Even before formal articles of impeachment are drawn up, the proper result is clear: Donald Trump should be removed from office and disqualified from holding office again in the future. Mere impeachment is not enough.
Trump should be removed and disqualified from office for the precise set of reasons our Constitution’s Framers created this extraordinary process: As he has told us repeatedly, he will seek and use information from foreign governments and agents to pervert our next presidential election to his personal, political, and pecuniary benefit.
The facts—at least the broad outlines and necessary highlights—are already well known, so the question is not: What did the president say and when did he say it?
All but a handful of the president’s most fervent congressional cheerleaders know the answers. We also know that what he said and did is not okay. And, by the time of the Senate trial, the question will no longer be: Is what he did and said impeachable? That process will by then be done.
Unable to defend his inappropriate conduct or his imperfect conversations, the president’s defenders increasingly argue in the alternative about elections past and future. Trump cannot be removed, they say, as that would constitute a coup overturning the last election. Or Trump cannot be removed because it’s too close to the next election.
For those who assert that impeachment and removal constitute an invalidation of the last election:
- Donald Trump was elected 36 months ago, with pluralities in 30 states and 2.9 million fewer popular votes than his principal opponent;
- Richard Nixon left office 21 months after being elected with majorities in 49 states and 18 million more popular votes than his opponent.
Nixon’s then-recent electoral success did not dissuade leading Republicans from recognizing that the president’s high crimes and misdemeanors meant he had to be not only impeached, but also removed from office.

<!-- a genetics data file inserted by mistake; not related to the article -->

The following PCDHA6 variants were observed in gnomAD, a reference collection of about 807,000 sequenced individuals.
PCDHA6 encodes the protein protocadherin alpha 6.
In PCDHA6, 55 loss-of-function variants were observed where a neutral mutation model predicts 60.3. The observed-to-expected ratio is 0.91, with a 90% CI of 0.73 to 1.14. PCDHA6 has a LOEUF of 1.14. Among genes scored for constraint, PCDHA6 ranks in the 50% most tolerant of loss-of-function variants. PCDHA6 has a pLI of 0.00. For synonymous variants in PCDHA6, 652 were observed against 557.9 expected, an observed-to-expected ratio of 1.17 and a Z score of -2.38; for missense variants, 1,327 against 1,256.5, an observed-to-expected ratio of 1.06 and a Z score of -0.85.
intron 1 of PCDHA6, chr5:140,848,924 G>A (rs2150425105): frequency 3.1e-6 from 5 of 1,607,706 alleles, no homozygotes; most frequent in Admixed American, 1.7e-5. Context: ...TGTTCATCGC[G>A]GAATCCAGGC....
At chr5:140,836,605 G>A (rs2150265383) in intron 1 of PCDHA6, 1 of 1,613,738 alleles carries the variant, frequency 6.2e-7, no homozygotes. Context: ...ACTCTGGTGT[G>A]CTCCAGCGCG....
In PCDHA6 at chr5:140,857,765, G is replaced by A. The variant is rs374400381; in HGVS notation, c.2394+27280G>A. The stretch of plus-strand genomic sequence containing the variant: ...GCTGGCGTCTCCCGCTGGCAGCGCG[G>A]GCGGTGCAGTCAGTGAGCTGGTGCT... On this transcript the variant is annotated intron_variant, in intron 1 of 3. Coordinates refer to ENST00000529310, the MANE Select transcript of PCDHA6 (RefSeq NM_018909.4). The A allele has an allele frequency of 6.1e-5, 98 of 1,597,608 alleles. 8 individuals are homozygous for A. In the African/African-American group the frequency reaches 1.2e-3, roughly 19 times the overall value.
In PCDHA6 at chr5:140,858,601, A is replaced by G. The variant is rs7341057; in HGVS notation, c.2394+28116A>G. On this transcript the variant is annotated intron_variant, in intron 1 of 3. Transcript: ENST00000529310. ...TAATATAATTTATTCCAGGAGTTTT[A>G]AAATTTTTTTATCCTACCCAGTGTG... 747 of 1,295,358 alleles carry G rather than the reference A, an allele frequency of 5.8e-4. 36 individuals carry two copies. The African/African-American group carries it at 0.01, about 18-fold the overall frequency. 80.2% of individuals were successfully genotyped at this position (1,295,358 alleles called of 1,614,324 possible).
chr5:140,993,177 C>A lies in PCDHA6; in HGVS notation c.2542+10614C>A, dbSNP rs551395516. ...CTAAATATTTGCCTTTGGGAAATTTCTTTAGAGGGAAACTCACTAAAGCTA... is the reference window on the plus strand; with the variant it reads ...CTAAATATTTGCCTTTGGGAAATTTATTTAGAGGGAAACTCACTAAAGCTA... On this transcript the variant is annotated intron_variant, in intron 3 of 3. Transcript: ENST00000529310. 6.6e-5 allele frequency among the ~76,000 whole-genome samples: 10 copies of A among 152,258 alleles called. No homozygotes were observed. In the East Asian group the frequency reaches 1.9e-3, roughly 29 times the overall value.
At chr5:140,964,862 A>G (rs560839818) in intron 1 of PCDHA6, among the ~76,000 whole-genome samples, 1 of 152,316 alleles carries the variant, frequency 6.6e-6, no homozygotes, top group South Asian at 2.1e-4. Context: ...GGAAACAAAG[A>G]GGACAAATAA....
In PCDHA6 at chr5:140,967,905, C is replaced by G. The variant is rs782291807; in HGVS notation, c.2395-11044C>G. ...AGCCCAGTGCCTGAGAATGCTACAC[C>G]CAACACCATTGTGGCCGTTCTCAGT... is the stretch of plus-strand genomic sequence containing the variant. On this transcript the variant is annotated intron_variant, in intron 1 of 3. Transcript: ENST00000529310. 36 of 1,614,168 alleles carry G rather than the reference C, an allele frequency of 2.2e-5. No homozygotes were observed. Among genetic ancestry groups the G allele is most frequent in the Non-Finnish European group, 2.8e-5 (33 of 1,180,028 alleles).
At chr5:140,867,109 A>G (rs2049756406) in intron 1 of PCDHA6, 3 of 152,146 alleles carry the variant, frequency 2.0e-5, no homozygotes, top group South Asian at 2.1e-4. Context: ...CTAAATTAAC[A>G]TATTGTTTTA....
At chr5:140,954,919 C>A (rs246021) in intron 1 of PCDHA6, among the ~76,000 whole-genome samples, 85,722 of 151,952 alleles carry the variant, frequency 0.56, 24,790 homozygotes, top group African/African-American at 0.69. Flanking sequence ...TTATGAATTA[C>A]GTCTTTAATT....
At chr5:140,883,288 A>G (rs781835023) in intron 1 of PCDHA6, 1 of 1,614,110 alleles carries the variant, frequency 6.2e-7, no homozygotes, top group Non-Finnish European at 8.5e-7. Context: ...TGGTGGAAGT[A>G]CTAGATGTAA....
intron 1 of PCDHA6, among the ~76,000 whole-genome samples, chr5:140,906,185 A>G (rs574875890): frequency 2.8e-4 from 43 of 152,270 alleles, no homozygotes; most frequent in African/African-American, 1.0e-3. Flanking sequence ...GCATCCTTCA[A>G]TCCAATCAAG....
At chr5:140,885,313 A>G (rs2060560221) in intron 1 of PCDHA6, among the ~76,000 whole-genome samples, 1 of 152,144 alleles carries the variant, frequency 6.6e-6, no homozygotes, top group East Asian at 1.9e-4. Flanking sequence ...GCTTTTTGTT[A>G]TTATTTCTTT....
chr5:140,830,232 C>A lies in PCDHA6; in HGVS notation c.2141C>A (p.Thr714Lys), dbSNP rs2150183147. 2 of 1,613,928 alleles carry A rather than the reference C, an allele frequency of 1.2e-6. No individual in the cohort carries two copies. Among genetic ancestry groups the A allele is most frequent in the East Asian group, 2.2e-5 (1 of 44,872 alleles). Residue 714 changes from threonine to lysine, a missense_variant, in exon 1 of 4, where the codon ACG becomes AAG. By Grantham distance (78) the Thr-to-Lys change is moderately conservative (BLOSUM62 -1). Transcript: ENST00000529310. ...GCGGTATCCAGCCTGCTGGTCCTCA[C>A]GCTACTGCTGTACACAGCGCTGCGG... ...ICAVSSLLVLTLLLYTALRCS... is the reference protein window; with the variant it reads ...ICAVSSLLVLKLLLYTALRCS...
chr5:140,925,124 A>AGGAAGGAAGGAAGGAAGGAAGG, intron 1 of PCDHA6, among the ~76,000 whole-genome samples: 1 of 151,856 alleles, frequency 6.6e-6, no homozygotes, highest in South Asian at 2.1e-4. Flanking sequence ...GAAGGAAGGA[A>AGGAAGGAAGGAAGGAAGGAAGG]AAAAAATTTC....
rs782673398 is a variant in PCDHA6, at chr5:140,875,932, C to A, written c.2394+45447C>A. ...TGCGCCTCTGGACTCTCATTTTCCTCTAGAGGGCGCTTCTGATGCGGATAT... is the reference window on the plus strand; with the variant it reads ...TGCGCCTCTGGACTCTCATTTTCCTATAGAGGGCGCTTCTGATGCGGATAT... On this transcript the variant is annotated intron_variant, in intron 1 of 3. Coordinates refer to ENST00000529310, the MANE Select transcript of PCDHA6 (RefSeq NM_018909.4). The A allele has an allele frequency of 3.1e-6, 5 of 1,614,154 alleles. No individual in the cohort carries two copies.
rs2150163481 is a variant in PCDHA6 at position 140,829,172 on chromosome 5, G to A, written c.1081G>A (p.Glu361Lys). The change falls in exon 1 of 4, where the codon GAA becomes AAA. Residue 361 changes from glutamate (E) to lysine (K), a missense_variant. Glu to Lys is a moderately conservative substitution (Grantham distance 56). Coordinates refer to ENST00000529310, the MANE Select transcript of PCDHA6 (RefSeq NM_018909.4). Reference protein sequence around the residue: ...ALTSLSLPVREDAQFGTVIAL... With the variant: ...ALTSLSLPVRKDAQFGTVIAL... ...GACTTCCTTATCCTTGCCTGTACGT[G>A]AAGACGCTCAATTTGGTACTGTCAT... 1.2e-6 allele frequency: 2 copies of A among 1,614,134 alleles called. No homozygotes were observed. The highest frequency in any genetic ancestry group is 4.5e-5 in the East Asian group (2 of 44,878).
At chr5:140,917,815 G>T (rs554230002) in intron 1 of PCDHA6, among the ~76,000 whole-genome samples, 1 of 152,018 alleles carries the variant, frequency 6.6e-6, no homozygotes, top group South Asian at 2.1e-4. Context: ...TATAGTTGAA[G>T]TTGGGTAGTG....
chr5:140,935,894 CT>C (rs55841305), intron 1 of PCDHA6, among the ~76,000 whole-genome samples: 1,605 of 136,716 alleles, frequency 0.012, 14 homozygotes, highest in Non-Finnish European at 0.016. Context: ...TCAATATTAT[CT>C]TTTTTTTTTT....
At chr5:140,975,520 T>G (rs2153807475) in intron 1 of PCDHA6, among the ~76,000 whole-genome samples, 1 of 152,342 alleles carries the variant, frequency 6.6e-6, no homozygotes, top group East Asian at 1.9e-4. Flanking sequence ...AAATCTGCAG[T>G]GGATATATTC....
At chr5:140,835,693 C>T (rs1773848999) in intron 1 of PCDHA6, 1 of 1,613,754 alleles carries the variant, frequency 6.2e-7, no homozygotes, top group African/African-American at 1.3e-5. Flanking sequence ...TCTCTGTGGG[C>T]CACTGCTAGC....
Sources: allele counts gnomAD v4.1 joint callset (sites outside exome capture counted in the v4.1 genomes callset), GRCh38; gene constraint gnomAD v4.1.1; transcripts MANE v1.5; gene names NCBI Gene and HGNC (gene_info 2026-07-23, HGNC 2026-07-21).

Two days after release of the infamous “smoking gun” tape, the party’s last presidential nominee (Senator Barry Goldwater), joined by the Republican leaders in the House (John Rhodes) and Senate (Hugh Scott), explained to President Nixon in the Oval Office that nearly two-thirds of the 42 Republicans in the Senate (and a similar percentage in the House) now supported impeachment and removal.
Nixon resigned the next day, less than two years after a resounding reelection in which he won the third-highest popular vote and Electoral College percentage victories in U.S. history. If that move didn’t invalidate the 1972 election to force Nixon to resign in 1974, it would not invalidate the 2016 election to proceed against Trump in 2019 and 2020.
Ironically for Trump’s defenders, their argument that this should be decided at the ballot box in the next election reveals precisely why he must be removed from office and disqualified from running again.
When it comes to foreign election interference: Fool America once, shame on Trump and his foreign supporters; fool America twice, shame on America. Russia helped Trump in the last election; he has already pressured Ukraine and asked China for help in the next one.
As so often, the wisdom of our Constitutional Framers is instructive. Spoiler alert: Alexander Hamilton (in Federalist No. 72) knew Trump was coming:
An avaricious man, who might happen to fill the office, looking forward to … yield[ing] up the emoluments he enjoyed … might not scruple to have recourse to the most corrupt expedients.
An ambitious man, too, when … seated on the summit of his country’s honors, … would be … violently tempted to embrace a favorable conjuncture for attempting the prolongation of his power, at every personal hazard.
Put another way, Donald Trump likes how he can line his and his family’s pockets with emoluments—at his D.C. hotel, his far-flung golf resorts, Mar-a-Lago. Now, with the potential of election loss next year, he makes “recourse to the most corrupt expedients.” He is indeed “violently tempted” to every effort to prolong his power.
Our Framers expected, our Constitution allows, and our national ideals demand that Donald Trump be prevented from cheating in the next election. Other than denying him the Republican party nomination, impeachment by the House and removal and disqualification by the Senate is the only remedy.
R.J. Lyman is senior fellow at the Niskanen Center and senior advisor to Governor Bill Weld, candidate for the 2020 Republican presidential nomination.